Last night, I attended Gingold Theatrical Group's staged reading of the second half of G.B. Shaw's five-play cycle Back to Methuselah. Though I've read the piece multiple times, I'd forgotten how good the last play, As Far as Thought Can Reach, really is.
The play takes place in 31,920 A.D., thirty thousand years after Shaw wrote it. Though the play deals with many things, it is perhaps most interesting when it deals with art. One character, Arjillax, tells the story of "a supernatural being called the Archangel Michael." We soon guess (and Shaw later confirms) that the Archangel Michael is actually the Renaissance artist Michelangelo. According to the story:
He began by painting on the ceiling the newly born in all their childish beauty. But when he had done this he was not satisfied; for the temple was no more impressive than it had been before, except that there was a strength and promise of greater things about his newly born ones than any other artist had attained to. So he painted all round these newly born a company of ancients, who were in those days called prophets and sybils, whose majesty was that of the mind alone at its intensest.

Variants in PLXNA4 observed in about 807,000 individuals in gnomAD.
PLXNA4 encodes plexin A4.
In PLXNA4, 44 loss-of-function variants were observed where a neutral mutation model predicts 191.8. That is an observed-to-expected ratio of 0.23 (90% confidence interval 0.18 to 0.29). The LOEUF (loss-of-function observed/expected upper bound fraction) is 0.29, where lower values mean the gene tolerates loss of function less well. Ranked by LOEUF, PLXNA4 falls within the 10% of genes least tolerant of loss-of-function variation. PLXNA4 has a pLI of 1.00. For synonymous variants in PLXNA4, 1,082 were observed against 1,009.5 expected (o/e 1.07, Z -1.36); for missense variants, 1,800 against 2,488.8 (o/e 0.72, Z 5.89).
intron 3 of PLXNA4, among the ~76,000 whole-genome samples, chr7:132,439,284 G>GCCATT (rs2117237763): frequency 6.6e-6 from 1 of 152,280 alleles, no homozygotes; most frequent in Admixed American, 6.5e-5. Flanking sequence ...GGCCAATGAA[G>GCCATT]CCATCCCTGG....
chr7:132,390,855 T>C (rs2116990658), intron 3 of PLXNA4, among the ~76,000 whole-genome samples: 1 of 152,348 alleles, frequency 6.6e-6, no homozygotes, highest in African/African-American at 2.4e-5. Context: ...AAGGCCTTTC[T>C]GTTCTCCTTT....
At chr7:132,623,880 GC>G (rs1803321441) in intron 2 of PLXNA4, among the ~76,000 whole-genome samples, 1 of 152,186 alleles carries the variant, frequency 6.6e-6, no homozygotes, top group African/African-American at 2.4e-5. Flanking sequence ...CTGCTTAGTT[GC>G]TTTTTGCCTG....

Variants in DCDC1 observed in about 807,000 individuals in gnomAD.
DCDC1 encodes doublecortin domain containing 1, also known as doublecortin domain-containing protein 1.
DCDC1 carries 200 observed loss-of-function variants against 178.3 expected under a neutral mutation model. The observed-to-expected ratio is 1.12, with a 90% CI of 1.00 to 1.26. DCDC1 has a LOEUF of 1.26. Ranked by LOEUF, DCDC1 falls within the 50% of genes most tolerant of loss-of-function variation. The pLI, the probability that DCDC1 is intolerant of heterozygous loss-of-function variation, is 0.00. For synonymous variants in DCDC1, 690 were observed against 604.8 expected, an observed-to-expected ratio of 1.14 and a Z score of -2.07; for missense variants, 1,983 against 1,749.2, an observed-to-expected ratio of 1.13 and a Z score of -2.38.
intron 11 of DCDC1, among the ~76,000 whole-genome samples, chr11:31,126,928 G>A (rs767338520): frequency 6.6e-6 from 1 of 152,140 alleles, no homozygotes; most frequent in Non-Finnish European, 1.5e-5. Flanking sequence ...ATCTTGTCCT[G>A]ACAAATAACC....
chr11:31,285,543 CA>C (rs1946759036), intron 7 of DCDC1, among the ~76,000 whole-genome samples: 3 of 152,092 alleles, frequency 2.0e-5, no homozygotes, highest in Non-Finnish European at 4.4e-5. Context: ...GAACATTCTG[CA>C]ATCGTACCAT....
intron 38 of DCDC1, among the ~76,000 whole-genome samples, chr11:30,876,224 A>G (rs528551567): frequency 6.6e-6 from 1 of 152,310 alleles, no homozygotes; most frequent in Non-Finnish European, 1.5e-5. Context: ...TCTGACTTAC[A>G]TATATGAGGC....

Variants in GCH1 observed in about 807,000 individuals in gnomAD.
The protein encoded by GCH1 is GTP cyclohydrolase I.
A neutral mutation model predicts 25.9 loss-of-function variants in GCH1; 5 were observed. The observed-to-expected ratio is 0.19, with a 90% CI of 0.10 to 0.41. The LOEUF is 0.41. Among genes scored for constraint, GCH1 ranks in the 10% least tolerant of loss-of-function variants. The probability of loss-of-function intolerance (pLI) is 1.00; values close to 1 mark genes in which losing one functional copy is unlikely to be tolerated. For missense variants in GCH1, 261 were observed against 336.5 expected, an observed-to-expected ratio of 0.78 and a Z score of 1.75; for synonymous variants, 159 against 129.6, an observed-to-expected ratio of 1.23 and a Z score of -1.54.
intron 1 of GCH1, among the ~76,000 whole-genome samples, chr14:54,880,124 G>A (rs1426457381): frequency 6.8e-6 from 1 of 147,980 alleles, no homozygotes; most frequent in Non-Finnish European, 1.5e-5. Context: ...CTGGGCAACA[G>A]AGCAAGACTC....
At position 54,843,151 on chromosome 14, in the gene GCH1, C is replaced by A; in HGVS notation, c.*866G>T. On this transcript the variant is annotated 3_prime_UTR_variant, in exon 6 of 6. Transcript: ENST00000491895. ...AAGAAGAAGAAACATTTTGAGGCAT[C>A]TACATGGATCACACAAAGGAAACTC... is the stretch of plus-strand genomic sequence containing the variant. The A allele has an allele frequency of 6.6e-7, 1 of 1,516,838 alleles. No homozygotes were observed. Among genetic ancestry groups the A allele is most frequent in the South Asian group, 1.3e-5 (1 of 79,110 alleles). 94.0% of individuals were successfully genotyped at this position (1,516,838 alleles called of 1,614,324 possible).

The ancients in the play, however, have outgrown art completely in this remote prospect of the future. The play contains one of Shaw's most famous quotations: "Without art, the crudeness of reality would make the world unbearable." What people rarely note, however, is that the line is uttered by an eight-month-old child who does not understand the world. It is Shaw's ancients who see clearly, and they seem to have outgrown art.